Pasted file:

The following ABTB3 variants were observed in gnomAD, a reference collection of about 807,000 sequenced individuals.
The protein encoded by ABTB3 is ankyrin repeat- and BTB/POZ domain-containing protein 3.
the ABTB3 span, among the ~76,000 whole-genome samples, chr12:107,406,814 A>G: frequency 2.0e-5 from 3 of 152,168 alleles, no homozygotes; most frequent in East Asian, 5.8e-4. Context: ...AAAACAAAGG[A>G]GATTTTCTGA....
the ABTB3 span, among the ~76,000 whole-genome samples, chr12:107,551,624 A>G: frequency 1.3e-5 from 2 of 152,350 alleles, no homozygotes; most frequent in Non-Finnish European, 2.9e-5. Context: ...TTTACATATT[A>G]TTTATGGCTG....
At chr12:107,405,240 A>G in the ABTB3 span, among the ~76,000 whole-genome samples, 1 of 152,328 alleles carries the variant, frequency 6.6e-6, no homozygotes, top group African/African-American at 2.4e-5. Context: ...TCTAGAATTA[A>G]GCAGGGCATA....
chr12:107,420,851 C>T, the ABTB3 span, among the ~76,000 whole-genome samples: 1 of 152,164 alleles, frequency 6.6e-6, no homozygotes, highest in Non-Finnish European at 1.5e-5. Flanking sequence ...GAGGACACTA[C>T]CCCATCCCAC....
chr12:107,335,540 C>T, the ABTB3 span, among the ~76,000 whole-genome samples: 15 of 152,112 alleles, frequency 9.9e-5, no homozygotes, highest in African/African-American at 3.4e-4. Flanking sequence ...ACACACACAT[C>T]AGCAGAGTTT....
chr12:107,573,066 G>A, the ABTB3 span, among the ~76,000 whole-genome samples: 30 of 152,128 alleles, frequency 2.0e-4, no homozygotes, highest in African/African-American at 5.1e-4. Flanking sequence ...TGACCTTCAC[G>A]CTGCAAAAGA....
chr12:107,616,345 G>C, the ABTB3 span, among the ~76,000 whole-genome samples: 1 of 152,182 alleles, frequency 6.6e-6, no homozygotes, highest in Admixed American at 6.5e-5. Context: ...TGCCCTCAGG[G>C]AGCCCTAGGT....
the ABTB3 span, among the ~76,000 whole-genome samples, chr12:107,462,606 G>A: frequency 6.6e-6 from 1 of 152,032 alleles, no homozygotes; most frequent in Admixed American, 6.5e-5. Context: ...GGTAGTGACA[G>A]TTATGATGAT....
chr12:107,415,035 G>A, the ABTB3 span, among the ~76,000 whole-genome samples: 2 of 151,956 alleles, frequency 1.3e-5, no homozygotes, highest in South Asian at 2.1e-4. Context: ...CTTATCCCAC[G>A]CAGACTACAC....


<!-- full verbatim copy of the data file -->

The following ABTB3 variants were observed in gnomAD, a reference collection of about 807,000 sequenced individuals.
The protein encoded by ABTB3 is ankyrin repeat- and BTB/POZ domain-containing protein 3.
the ABTB3 span, among the ~76,000 whole-genome samples, chr12:107,406,814 A>G: frequency 2.0e-5 from 3 of 152,168 alleles, no homozygotes; most frequent in East Asian, 5.8e-4. Context: ...AAAACAAAGG[A>G]GATTTTCTGA....
the ABTB3 span, among the ~76,000 whole-genome samples, chr12:107,551,624 A>G: frequency 1.3e-5 from 2 of 152,350 alleles, no homozygotes; most frequent in Non-Finnish European, 2.9e-5. Context: ...TTTACATATT[A>G]TTTATGGCTG....
At chr12:107,405,240 A>G in the ABTB3 span, among the ~76,000 whole-genome samples, 1 of 152,328 alleles carries the variant, frequency 6.6e-6, no homozygotes, top group African/African-American at 2.4e-5. Context: ...TCTAGAATTA[A>G]GCAGGGCATA....
chr12:107,420,851 C>T, the ABTB3 span, among the ~76,000 whole-genome samples: 1 of 152,164 alleles, frequency 6.6e-6, no homozygotes, highest in Non-Finnish European at 1.5e-5. Flanking sequence ...GAGGACACTA[C>T]CCCATCCCAC....
chr12:107,335,540 C>T, the ABTB3 span, among the ~76,000 whole-genome samples: 15 of 152,112 alleles, frequency 9.9e-5, no homozygotes, highest in African/African-American at 3.4e-4. Flanking sequence ...ACACACACAT[C>T]AGCAGAGTTT....
chr12:107,573,066 G>A, the ABTB3 span, among the ~76,000 whole-genome samples: 30 of 152,128 alleles, frequency 2.0e-4, no homozygotes, highest in African/African-American at 5.1e-4. Flanking sequence ...TGACCTTCAC[G>A]CTGCAAAAGA....
chr12:107,616,345 G>C, the ABTB3 span, among the ~76,000 whole-genome samples: 1 of 152,182 alleles, frequency 6.6e-6, no homozygotes, highest in Admixed American at 6.5e-5. Context: ...TGCCCTCAGG[G>C]AGCCCTAGGT....
the ABTB3 span, among the ~76,000 whole-genome samples, chr12:107,462,606 G>A: frequency 6.6e-6 from 1 of 152,032 alleles, no homozygotes; most frequent in Admixed American, 6.5e-5. Context: ...GGTAGTGACA[G>A]TTATGATGAT....
chr12:107,415,035 G>A, the ABTB3 span, among the ~76,000 whole-genome samples: 2 of 151,956 alleles, frequency 1.3e-5, no homozygotes, highest in South Asian at 2.1e-4. Context: ...CTTATCCCAC[G>A]CAGACTACAC....